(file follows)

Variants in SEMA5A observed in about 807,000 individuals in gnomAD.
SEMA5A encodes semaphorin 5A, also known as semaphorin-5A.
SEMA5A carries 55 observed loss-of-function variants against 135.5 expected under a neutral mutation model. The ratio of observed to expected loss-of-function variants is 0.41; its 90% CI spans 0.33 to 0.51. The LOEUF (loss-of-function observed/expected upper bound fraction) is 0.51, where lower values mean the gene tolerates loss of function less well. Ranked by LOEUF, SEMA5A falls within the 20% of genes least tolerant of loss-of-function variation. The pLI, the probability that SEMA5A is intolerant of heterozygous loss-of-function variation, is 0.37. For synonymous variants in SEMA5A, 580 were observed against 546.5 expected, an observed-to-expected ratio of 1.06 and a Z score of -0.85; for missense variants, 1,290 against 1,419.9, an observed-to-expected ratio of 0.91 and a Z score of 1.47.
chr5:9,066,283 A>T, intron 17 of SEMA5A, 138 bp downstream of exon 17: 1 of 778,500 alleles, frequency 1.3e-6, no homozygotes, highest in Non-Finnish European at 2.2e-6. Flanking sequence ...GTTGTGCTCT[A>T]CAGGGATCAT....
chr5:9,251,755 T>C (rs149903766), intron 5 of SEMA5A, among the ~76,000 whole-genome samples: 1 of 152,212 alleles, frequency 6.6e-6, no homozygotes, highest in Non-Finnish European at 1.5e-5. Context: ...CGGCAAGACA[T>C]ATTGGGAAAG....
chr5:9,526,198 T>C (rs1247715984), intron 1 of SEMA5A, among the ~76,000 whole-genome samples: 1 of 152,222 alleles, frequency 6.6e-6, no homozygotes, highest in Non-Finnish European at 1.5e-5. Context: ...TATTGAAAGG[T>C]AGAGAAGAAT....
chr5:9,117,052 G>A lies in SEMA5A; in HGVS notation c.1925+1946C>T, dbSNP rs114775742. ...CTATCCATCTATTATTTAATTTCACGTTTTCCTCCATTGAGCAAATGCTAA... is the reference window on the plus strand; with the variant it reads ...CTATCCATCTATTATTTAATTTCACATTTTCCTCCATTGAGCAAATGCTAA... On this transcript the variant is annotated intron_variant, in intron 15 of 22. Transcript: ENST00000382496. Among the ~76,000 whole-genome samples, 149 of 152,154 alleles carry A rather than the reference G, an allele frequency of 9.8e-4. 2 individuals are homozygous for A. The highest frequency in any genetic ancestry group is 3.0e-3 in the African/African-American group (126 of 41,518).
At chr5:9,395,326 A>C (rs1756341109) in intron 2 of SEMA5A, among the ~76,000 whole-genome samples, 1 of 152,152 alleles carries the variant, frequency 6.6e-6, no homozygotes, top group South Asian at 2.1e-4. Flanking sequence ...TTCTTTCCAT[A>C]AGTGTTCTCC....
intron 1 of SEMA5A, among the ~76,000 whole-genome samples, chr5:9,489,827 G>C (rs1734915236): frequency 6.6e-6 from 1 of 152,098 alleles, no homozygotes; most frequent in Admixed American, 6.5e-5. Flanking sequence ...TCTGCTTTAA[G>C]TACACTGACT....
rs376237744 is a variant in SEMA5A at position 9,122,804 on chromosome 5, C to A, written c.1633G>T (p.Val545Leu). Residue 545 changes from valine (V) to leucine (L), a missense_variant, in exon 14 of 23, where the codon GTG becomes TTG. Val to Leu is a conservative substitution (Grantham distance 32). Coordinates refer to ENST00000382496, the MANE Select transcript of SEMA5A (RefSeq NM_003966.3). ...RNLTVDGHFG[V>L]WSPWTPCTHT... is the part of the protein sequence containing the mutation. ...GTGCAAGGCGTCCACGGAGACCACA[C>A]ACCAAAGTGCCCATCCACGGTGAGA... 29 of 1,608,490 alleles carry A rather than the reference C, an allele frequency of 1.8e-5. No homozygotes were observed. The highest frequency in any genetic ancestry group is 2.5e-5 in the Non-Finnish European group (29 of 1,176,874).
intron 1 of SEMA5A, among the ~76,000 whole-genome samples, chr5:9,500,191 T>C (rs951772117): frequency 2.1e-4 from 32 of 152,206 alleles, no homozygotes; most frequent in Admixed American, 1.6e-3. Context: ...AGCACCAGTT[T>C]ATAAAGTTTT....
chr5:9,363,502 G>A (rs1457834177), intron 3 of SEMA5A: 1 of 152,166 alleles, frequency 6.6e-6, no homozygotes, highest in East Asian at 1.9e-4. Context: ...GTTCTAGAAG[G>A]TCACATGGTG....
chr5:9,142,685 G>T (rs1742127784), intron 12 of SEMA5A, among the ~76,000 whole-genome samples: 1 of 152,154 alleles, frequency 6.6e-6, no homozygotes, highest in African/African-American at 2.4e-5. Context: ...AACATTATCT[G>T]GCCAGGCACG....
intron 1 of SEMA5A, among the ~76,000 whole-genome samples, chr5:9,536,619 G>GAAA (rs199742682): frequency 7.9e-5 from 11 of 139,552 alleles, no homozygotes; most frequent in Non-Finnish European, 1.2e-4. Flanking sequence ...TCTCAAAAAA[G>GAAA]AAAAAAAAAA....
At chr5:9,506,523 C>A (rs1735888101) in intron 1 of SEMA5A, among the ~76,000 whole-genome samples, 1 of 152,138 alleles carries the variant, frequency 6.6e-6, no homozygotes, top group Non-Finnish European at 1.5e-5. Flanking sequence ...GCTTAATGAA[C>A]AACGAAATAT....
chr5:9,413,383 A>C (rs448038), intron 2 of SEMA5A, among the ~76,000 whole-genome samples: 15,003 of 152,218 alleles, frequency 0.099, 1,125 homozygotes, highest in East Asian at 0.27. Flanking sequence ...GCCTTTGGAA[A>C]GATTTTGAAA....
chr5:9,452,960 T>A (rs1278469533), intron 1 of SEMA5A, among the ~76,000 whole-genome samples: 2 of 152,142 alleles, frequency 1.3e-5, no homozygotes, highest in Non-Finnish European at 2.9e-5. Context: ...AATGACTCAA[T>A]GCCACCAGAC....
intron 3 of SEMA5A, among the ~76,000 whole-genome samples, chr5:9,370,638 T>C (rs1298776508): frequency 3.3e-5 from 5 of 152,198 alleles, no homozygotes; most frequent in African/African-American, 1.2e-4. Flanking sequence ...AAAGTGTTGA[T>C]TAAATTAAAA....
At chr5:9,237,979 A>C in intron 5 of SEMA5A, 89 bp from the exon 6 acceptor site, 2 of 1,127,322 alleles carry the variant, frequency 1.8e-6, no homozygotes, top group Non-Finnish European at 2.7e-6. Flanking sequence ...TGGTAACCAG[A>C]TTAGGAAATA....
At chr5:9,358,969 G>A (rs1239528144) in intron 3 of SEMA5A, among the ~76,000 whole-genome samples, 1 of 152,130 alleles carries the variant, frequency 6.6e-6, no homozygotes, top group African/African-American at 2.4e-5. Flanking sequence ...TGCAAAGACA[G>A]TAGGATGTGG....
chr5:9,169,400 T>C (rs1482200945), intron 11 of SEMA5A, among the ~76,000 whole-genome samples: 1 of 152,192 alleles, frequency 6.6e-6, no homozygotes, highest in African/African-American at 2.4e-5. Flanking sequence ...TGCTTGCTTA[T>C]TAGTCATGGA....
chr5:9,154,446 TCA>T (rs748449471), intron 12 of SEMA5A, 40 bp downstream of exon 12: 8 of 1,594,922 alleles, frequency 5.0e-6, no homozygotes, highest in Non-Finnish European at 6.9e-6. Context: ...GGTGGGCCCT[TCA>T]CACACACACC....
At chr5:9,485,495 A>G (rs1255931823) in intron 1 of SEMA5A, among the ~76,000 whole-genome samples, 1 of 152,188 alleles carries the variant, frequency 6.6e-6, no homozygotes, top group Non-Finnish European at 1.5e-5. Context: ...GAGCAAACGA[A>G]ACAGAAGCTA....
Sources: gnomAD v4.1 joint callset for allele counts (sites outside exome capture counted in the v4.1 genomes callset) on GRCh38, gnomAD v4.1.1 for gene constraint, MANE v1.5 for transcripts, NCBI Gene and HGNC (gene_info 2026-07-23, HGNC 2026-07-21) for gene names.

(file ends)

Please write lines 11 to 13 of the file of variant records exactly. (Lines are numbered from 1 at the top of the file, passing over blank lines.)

intron 1 of SEMA5A, among the ~76,000 whole-genome samples, chr5:9,500,191 T>C (rs951772117): frequency 2.1e-4 from 32 of 152,206 alleles, no homozygotes; most frequent in Admixed American, 1.6e-3. Context: ...AGCACCAGTT[T>C]ATAAAGTTTT....
chr5:9,363,502 G>A (rs1457834177), intron 3 of SEMA5A: 1 of 152,166 alleles, frequency 6.6e-6, no homozygotes, highest in East Asian at 1.9e-4. Context: ...GTTCTAGAAG[G>A]TCACATGGTG....
chr5:9,142,685 G>T (rs1742127784), intron 12 of SEMA5A, among the ~76,000 whole-genome samples: 1 of 152,154 alleles, frequency 6.6e-6, no homozygotes, highest in African/African-American at 2.4e-5. Context: ...AACATTATCT[G>T]GCCAGGCACG....